When the Ottomans Prevented the Portuguese Empire from Stealing Prophet Muhammad's Tomb

The Ottoman Empire fought many battles defending Muslim lands. They repelled Europe’s attacks on the Muslim world and Arab countries. Among these battles is the one it led against the Portuguese empire.

The Portuguese Empire is one of the largest and longest-lived empires in world history, it existed for almost six centuries, from the capture of Ceuta (Morocco) in 1415, to the handover of Portuguese Macau to China in 1999.

The Portuguese led military campaigns towards the Islamic world with two main objectives:

  1. Fight the Islamic world everywhere and in all possible ways.
  2. Steal the tomb of the Messenger of Allah, peace be upon him, as stated by Afonso de Albuquerque (Duke of Goa): “The first goal of the rally around the Islamic world, is to storm the Prophet’s Mosque and take the remains of the Prophet Muhammad as a bargaining chip to recover Jerusalem from the Muslims”.

Afonso de Albuquerque (1453-1515) was a Portuguese general, a statesman and an empire builder. He advanced the three-fold Portuguese grand scheme of combating Islam, spreading Christianity, and securing the trade of spices by establishing a Portuguese Asian empire. He was the first European of the Renaissance era to raid the Persian Gulf, and he led the first voyage by a European fleet into the Red Sea. His military and administrative works are generally regarded as among the most vital to building and securing the Portuguese Empire in the Orient, the Middle East.

At the beginning of the Portuguese military campaigns, the Islamic world was represented by three political entities (the Ottoman Empire, the Mamluk state and the Safavid state). The Mamluk state was very weak and unable to defend itself. It was defeated by the Portuguese at the Battle of Dio and descended into a state of political turmoil and economic weakness.

As for the Safavid state, it was in a sectarian dispute with the Mamluks and the Ottoman Empire (Shia vs Sunni). Therefore, It chose to refrain from supporting the Mamluks who controlled the territories where the tomb of the Prophet was located. The Ottoman Empire was the most powerful Muslim entity and tried to help the Mamluks. Sultan Beyazid II sent several ships with military equipment to the Mamluks in 1511, but these were intercepted by Crusader pirates. The Portuguese were able to take control of Bahrain, Muscat, Qurayyat, and Aden in Yemen. They tried to reach the prophet’s tomb but the Ottoman Empire brought down the Mamluks regime in the battle of Marj Dabeq in 1516 and were able to stop them.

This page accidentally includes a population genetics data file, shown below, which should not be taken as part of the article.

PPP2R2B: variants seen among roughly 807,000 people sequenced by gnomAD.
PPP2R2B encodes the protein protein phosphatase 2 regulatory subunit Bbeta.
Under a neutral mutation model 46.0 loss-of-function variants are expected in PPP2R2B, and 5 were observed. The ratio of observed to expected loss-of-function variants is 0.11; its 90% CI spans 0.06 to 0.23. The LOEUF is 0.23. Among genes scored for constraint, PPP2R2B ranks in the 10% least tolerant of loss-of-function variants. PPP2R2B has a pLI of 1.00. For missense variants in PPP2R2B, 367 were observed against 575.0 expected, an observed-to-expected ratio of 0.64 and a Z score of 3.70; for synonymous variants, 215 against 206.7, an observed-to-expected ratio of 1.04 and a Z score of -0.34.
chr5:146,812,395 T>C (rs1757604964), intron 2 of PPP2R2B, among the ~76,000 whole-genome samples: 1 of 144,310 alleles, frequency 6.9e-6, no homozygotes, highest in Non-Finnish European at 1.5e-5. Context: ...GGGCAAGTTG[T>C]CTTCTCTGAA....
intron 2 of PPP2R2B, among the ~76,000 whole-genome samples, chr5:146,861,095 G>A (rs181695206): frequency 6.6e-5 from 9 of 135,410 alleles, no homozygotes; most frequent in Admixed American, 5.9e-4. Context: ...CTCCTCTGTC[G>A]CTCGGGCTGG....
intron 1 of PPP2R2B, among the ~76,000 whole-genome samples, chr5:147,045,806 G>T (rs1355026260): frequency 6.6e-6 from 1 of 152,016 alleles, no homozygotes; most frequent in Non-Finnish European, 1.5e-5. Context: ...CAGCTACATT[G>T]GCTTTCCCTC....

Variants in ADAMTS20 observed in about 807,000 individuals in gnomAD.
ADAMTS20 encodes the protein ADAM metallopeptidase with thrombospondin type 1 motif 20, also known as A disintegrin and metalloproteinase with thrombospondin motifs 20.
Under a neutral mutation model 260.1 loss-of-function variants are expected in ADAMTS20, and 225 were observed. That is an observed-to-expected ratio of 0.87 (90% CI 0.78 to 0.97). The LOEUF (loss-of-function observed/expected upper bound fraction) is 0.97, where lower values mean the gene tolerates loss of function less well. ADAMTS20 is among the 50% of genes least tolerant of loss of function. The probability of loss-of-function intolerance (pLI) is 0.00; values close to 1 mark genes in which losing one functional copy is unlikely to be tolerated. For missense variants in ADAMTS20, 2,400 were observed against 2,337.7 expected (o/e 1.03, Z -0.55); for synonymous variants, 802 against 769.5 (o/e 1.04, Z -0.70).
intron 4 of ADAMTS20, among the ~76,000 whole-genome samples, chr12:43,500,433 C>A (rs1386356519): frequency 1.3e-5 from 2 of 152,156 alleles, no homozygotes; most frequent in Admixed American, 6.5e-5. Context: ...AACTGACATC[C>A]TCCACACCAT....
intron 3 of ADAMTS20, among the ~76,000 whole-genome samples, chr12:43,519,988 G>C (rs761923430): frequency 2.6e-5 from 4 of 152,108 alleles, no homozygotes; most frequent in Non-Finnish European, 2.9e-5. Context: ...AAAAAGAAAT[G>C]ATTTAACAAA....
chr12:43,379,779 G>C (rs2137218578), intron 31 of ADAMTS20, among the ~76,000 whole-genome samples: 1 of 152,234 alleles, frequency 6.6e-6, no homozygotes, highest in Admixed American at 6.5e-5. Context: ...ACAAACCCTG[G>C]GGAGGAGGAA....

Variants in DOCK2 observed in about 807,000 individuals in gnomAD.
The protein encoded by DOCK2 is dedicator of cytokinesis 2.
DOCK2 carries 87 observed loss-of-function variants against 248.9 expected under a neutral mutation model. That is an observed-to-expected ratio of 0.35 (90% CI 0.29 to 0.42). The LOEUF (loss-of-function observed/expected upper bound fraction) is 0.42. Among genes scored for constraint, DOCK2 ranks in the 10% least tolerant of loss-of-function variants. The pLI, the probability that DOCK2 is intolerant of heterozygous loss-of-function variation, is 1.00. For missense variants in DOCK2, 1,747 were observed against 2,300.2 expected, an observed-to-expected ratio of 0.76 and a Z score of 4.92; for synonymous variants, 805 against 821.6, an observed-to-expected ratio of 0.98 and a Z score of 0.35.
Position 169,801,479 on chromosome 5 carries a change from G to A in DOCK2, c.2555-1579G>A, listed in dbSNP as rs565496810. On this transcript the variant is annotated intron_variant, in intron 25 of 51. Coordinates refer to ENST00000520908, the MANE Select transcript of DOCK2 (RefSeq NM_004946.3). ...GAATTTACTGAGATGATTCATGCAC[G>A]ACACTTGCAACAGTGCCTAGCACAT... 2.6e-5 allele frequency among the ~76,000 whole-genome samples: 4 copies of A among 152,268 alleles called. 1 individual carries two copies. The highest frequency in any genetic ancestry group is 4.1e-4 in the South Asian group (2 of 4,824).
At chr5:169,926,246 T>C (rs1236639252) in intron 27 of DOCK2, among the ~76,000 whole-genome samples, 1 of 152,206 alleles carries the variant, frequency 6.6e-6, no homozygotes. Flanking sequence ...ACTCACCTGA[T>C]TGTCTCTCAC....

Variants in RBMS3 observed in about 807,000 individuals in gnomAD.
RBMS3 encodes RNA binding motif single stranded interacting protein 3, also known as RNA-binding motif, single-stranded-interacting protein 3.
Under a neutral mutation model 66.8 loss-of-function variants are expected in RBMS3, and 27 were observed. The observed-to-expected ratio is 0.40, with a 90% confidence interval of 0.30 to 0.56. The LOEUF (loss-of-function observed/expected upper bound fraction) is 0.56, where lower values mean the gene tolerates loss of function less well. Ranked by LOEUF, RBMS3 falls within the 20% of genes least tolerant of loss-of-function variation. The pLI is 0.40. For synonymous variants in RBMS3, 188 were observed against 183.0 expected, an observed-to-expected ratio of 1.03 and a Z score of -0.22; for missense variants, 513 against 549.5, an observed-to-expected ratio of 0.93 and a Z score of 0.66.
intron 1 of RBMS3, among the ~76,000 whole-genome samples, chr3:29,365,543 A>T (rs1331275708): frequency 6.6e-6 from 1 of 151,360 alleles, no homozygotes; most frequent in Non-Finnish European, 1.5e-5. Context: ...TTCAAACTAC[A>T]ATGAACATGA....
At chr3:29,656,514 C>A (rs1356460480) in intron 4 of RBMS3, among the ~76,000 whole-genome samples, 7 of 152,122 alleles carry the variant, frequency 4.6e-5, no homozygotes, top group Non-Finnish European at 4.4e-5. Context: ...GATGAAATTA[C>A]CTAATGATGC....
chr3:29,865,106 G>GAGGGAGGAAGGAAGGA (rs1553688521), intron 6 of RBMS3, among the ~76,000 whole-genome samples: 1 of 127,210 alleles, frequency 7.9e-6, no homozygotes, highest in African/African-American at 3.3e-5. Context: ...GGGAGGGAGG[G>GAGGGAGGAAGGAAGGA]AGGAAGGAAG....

The intervention of the Ottomans at this critical time demonstrates their awareness of the seriousness of the situation and the need to dislodge the Mamluks so that the Ottoman Empire can lead the Islamic world instead of being merely a player supporting the Mamluks. After annexing Egypt and the Levant, the Ottoman Empire was in direct confrontation with Portugal. This was the start a long struggle to defend Muslim lands and restore what the Mamluks lost. It was able to defeat the Portuguese, and sent troops by order of Suleiman the Magnificent, who ordered Suleiman Pasha, governor of Egypt to head to Jeddah and then Aden, in 1538: the campaign included 20,000 men and 74 ships that brought Yemen under Ottoman rule and ended the Portuguese threat to the Muslim holy sites.